At the Johnson Space Center, Winston Aldworth meets men from the brave past and bold future of space travel.

Better work stories? You want better work stories? Talk to Fred Haise. He has the mother of all work stories.

Y'see, Fred was travelling to work one day, with two colleagues, when their vehicle had a problem. A soon-to-be famous problem. They contacted their bosses immediately: "Houston," said Commander Jim Lovell. "We've had a problem."

Fred was one of the crewmen aboard Apollo 13, the third scheduled moon-landing mission launched by Nasa. He was going to be the sixth man to walk on the moon.

Retired NASA astronaut, Fred Haise who was involved in the dramatic failed lunar mission of Apollo 13. Photo / Nick Reed
Retired NASA astronaut, Fred Haise who was involved in the dramatic failed lunar mission of Apollo 13. Photo / Nick Reed

Instead his mission became - after Neil Armstrong's initial landing - the second-most famous of the moon shots. Apollo 13 was Nasa's most glorious failure.


It started with a bang. Two days into their flight to the moon, an oxygen tank exploded, shredding part of their spaceship. Landing on the moon was no longer an option. All the crew, and their support staff back in Houston could now hope for was to get the men home safely.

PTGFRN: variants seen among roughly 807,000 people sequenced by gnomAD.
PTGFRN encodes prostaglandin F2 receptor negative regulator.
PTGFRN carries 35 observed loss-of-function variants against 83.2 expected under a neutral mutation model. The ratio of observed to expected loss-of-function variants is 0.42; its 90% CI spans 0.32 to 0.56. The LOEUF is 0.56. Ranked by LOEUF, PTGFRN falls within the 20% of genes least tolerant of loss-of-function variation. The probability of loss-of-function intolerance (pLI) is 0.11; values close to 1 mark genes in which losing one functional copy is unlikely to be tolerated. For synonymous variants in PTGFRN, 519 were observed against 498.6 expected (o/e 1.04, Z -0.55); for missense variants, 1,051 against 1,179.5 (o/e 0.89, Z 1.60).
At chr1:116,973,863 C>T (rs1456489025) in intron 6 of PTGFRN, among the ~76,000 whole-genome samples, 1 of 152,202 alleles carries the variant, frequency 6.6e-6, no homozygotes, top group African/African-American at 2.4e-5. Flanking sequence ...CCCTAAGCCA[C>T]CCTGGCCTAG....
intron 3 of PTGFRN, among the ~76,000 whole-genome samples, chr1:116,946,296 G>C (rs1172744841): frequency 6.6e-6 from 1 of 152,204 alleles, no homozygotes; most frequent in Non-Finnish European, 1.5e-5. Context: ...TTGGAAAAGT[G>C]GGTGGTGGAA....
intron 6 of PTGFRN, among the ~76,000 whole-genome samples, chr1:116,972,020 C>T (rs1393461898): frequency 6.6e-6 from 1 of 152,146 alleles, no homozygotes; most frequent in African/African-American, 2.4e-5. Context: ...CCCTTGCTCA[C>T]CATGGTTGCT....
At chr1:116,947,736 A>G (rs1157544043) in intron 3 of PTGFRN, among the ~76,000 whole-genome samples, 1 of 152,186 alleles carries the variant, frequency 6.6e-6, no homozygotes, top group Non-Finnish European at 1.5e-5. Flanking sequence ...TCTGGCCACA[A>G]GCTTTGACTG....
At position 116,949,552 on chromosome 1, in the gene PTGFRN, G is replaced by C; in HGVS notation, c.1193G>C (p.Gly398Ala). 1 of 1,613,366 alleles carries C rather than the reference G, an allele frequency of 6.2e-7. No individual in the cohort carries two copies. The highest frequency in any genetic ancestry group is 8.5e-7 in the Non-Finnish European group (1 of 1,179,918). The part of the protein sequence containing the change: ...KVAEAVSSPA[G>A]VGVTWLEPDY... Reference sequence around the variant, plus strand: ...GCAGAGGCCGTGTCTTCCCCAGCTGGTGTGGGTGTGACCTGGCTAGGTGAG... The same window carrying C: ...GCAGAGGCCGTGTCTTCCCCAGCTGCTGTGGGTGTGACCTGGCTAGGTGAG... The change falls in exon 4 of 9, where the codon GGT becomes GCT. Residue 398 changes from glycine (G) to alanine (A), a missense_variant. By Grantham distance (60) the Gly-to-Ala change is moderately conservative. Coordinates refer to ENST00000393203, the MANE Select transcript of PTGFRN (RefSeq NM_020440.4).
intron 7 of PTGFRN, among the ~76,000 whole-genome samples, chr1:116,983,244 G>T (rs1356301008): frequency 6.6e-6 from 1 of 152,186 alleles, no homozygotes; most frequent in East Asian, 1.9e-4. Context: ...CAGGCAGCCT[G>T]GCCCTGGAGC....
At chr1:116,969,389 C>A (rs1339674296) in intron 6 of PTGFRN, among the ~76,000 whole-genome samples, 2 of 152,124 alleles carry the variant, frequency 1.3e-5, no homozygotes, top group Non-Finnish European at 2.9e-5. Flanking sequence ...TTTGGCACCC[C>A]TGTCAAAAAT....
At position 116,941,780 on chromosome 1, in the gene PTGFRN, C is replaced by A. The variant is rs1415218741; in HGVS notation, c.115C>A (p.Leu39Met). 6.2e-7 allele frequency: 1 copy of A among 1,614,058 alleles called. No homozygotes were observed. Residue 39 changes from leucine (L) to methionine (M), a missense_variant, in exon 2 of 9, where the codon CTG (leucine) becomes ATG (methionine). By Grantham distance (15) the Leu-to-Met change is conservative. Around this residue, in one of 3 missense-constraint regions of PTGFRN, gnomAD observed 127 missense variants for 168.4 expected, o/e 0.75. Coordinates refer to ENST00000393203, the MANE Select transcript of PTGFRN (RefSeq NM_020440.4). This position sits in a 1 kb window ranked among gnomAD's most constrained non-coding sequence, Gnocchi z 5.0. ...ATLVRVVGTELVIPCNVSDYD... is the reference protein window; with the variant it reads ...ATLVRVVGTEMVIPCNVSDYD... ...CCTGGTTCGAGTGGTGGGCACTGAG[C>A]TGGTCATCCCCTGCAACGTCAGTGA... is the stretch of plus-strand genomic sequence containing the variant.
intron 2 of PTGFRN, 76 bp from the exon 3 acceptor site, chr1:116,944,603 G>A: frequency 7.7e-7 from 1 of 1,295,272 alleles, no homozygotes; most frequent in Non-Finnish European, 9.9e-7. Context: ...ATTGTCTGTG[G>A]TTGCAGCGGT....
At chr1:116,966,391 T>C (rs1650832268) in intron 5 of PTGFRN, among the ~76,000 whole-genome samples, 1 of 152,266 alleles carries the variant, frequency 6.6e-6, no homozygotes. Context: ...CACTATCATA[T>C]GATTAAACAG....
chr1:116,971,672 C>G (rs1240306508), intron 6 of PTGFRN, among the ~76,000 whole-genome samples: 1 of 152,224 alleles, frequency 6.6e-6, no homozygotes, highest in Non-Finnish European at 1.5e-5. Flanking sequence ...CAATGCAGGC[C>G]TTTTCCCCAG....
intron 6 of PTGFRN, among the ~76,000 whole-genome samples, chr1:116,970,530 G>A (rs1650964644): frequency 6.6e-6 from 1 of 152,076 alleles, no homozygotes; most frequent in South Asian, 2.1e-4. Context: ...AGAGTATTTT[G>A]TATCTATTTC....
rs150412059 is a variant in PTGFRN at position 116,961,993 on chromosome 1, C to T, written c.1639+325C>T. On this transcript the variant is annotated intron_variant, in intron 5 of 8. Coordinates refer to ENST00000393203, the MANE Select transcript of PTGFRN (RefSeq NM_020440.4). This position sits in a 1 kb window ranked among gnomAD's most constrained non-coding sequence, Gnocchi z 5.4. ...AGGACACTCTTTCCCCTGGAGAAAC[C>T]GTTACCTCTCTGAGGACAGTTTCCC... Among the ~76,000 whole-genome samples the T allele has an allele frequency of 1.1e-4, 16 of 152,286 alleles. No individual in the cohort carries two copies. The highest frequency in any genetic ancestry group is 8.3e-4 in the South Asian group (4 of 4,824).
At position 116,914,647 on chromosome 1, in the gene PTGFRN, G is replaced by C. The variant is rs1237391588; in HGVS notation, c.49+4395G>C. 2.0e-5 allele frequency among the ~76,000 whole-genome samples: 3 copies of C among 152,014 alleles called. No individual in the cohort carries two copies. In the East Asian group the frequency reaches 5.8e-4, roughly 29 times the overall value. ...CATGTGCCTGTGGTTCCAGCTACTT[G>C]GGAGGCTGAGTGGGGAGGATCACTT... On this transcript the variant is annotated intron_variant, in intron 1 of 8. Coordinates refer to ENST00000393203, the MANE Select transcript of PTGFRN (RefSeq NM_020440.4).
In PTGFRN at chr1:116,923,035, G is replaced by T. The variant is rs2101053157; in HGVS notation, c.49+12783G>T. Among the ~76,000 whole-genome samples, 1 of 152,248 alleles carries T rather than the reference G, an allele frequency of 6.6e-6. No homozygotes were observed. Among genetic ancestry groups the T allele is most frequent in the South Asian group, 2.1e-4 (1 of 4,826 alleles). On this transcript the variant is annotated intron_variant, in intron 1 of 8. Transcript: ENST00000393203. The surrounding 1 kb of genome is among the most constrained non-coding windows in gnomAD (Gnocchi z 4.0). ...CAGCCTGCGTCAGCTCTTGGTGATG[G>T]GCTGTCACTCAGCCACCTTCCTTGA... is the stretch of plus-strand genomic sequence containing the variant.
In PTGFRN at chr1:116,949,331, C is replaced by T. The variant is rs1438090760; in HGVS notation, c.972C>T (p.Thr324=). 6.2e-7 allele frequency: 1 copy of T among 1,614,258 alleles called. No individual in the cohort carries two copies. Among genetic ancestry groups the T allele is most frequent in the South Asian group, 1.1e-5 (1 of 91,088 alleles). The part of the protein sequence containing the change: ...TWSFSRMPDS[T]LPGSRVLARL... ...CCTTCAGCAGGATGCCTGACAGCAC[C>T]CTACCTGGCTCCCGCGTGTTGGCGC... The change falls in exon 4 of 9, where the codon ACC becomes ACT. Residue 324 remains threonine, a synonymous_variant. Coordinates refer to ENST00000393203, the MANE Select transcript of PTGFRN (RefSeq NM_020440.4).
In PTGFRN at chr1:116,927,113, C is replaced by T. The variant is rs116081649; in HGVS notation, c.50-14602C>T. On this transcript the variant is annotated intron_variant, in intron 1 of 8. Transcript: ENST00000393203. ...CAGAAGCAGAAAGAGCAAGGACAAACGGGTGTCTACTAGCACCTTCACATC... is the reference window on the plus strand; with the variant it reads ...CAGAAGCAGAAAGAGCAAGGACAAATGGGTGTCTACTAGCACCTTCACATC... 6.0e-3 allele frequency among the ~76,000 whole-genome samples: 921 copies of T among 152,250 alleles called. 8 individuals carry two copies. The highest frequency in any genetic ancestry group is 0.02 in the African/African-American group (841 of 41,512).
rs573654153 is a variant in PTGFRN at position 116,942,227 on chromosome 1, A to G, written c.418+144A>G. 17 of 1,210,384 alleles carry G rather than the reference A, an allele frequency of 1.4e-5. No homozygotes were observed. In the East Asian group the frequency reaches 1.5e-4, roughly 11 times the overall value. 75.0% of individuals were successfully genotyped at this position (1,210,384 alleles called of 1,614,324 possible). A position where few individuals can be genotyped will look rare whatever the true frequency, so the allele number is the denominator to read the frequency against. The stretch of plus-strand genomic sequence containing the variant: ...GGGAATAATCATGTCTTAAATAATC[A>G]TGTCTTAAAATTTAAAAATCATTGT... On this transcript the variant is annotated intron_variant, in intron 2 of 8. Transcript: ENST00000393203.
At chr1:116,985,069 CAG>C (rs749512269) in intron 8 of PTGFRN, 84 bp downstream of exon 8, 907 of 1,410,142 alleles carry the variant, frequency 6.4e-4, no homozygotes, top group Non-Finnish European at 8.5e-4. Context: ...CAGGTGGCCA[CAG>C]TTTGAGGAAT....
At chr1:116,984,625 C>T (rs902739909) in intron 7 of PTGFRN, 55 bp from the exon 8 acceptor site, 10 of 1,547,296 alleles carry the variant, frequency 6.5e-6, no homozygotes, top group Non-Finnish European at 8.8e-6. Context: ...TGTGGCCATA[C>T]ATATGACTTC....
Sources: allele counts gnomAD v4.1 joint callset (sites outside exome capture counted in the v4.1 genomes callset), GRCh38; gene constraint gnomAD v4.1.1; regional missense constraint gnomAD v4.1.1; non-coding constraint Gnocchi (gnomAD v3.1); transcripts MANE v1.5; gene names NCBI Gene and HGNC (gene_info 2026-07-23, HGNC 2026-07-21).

We met Fred at Nasa's Johnson Space Center, in Houston, where he showed us around some of Nasa's grandest hardware.

Fred's dry, laconic demeanour makes him just the kind of guy you'd want sitting next to you during an emergency in space. In Ron Howard's fine movie Apollo 13, the crew argue. It's hard to imagine the real Fred getting heat up about anything.

"They added it in for drama," Fred says with a chuckle. "They wanted to make the scene more human, they said."

Consider how often tempers get frayed in your own workplace. It's a luxury you can't afford in a space crisis. Nor could these right-stuff men muck around fretting about their mortality.

"We didn't think about dying. We were pretty focused on doing our jobs," says Fred. "Everytime you go into space, you're taking a risk."

The most stunning thing on display at the Johnson Space Center lies on its side in a giant hangar. The Saturn V is the biggest, most powerful vehicle ever built.

It's also the single coolest thing to fly. When the Apollo moon-landing program was wrapped up in 1972, there were three Saturn V rockets left over. If you stood all three on top of each other, they would be a few metres taller than the Sky Tower.

To the casual observer, these rockets ushered in Nasa's finest hour. The biggest rockets today can only carry about one-tenth the weight of the Saturn Vs.

Brave, cool-headed lunatics like Fred pretty much sat themselves in a tin can that was bolted to the top of another - bigger - tin can, which contained a massive explosion of fuel.

Off to work we go.

The awesome power of the rockets contrasts with the tiny, flimsy parts of the spaceships in which the astronauts sat. A moon lander on display looks like a tent frame covered in tinfoil.